Israeli scientists produce world’s first mRNA vaccine for bacteria
By focusing on key differences between viruses and bacteria, researchers elicit strong immune responses in mice against Plague pathogen that killed millions in Middle Ages
Renee Ghert-Zand is a reporter and feature writer for The Times of Israel.
Researchers from Tel Aviv University and the Israel Institute for Biological Research have developed the world’s first mRNA vaccine effective against bacteria, scientists told the Times of Israel on Monday.
By modifying proven mRNA technology used to fight COVID and other viral pathogens, the scientists developed a single-dose vaccine that fully protects mice against the Plague, the lethal disease that killed millions of people during the Middle Ages and is still around today, especially in parts of Africa and Asia.
The researchers hope to adapt the vaccine for other diseases, especially ones caused by antibiotic-resistant bacteria that could lead to a fast-spreading pandemic.
“There are many pathogenic bacteria for which we have no vaccines. Moreover, due to the excessive use of antibiotics over the last few decades, many bacteria have developed resistance to antibiotics, reducing the effectiveness of these important drugs,” said Prof. Dan Peer, VP for R&D and head of the Laboratory of Precision Nano-Medicine at the Shmunis School of Biomedicine and Cancer Research at TAU.
“Consequently, antibiotic-resistant bacteria already pose a real threat to human health worldwide. Developing a new type of vaccine may provide an answer to this global problem,” he said.
Although the researchers are pleased with the results of their peer-reviewed study of the Plague-causing Yersinia pestis, published last week in Science Advances, they believe that other microbes are now the priority.
“The next step is to focus on bacteria that are more relevant for the general public now like Staphylococcus aureus and certain kinds of resistant Streptococcus,” said Dr. Edo Kon, the study’s lead author.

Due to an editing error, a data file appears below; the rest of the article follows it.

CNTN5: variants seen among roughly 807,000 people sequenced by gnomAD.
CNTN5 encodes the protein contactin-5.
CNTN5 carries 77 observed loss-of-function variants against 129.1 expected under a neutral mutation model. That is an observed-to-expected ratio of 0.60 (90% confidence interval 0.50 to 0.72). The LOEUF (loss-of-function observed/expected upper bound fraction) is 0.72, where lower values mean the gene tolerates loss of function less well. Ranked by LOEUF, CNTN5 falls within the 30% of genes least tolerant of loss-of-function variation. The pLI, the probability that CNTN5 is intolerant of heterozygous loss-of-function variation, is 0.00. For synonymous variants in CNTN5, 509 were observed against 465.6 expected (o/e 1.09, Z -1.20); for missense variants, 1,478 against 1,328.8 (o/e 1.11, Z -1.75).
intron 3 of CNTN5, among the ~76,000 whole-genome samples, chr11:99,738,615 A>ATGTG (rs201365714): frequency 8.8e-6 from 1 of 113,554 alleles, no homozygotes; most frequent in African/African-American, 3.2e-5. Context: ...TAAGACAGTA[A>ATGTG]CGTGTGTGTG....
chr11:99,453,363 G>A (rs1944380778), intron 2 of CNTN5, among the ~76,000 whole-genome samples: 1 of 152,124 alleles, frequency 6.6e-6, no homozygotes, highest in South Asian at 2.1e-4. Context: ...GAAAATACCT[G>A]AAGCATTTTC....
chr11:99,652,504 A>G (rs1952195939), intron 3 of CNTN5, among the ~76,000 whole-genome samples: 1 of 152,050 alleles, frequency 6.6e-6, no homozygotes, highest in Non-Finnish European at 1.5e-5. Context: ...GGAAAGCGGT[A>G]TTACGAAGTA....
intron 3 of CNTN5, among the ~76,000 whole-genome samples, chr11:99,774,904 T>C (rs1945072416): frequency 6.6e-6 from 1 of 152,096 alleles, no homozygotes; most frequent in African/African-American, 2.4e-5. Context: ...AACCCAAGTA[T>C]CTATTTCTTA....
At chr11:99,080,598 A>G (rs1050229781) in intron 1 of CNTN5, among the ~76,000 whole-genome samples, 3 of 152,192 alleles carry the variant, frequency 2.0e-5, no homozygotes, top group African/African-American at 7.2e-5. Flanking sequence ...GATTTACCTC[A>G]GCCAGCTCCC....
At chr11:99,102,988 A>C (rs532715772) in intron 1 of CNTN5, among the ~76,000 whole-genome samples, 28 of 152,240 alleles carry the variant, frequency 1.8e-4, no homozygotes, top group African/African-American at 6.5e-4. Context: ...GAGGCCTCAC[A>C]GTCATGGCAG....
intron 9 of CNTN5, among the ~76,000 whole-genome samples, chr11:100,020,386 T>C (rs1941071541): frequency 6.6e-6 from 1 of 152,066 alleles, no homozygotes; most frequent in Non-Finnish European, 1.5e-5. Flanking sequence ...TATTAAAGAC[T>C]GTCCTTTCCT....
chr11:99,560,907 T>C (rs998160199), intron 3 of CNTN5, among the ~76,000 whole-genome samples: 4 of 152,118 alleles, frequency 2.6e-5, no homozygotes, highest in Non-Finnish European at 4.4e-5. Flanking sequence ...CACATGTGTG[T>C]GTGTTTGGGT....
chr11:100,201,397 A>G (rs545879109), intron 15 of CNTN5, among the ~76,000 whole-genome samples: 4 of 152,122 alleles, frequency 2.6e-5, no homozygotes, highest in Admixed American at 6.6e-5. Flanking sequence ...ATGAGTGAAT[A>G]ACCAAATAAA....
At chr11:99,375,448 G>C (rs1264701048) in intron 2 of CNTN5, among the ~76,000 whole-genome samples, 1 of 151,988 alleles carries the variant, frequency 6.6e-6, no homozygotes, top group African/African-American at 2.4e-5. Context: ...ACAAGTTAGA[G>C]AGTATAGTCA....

The advantage of mRNA vaccines is that they are now familiar, effective, and can be quickly developed. In the case of SARS-CoV2 (COVID-19), it took only 63 days to move from the publishing of the virus’s genetic sequence to clinical trials of the vaccine. Both the Moderna and Pfizer vaccines were mRNA vaccines.
The challenge with developing mRNA vaccines against bacteria derives from the fact that bacteria differ from viruses in a key way. Viruses depend on external (host) cells for their reproduction. They insert their mRNA molecule into human cells and use them as factories for producing viral proteins based on their genetic material.
In mRNA vaccines, the molecule is synthesized in a lab, then wrapped in lipid nanoparticles resembling the membrane of human cells. When the vaccine is injected into the human body, the lipids stick to the cells, leading the cells to produce viral proteins. The human immune system becomes familiar with these proteins and learns to protect the body in the event of exposure to the real virus.
“In contrast, bacteria don’t need our cells to produce their own proteins. And since the evolutions of humans and bacteria are quite different from one another, proteins produced in bacteria can be different from those produced in human cells, even when based on the same genetic sequence,” Kon said.
As a result, attempts by scientists to synthesize bacterial proteins in human cells resulted in low levels of antibodies that produced an insufficient immune response.
To overcome this problem, the TAU and IIBR team developed methods to secrete the bacterial proteins while bypassing the classical secretion pathways. As a result, the immune system identified the proteins in the vaccine as immunogenic bacterial proteins. The bacterial protein was enhanced with a section of human protein to ensure its stability and guard against its disintegration too quickly inside the body.
“By combining the two breakthrough strategies we obtained a full immune response,” Kon said.
It worked for the Plague bacteria, and the next step will be to check whether this mechanism will work for other types of bacteria. According to Kon, the work is already underway.
“I have to stay true to science and say that we don’t know anything for sure about this yet, but at least now we have these important tools for further investigation,” he said.